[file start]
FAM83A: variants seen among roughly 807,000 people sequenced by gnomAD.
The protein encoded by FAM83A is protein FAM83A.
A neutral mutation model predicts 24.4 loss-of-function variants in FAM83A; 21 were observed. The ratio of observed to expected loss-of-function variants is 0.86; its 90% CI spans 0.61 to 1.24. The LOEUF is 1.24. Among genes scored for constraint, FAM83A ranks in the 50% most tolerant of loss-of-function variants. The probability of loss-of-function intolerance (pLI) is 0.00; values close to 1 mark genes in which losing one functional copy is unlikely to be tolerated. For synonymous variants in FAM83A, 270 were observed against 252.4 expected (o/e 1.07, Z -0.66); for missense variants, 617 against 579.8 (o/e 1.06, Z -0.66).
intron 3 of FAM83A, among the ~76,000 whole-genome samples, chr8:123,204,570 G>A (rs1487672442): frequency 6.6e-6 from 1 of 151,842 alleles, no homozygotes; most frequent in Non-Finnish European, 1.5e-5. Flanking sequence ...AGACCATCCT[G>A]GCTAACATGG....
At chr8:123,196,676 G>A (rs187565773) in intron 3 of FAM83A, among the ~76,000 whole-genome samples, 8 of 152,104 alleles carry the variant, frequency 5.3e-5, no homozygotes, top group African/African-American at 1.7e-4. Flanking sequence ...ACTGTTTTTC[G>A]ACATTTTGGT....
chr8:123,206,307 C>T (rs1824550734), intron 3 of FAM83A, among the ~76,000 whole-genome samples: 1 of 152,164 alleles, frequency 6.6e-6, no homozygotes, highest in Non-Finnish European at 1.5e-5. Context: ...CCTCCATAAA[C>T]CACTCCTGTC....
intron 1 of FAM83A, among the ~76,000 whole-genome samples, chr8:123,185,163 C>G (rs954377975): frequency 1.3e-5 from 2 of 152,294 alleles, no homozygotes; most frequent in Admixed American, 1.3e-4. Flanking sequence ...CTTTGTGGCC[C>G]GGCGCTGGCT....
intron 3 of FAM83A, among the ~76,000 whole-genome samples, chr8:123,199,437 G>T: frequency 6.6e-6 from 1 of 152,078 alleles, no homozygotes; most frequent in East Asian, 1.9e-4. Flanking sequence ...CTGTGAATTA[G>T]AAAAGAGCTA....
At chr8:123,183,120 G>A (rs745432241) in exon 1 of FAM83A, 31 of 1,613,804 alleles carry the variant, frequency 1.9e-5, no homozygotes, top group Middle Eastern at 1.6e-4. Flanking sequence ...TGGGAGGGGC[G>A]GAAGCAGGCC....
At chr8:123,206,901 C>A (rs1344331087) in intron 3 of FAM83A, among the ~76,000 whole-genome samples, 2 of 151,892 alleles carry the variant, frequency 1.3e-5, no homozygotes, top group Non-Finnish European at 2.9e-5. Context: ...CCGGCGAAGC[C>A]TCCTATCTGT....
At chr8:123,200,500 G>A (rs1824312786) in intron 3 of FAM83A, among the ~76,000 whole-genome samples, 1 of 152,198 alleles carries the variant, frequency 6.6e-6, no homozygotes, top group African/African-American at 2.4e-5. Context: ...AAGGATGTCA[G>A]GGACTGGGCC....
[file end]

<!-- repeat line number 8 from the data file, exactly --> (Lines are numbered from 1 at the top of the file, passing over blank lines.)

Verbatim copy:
intron 3 of FAM83A, among the ~76,000 whole-genome samples, chr8:123,199,437 G>T: frequency 6.6e-6 from 1 of 152,078 alleles, no homozygotes; most frequent in East Asian, 1.9e-4. Flanking sequence ...CTGTGAATTA[G>T]AAAAGAGCTA....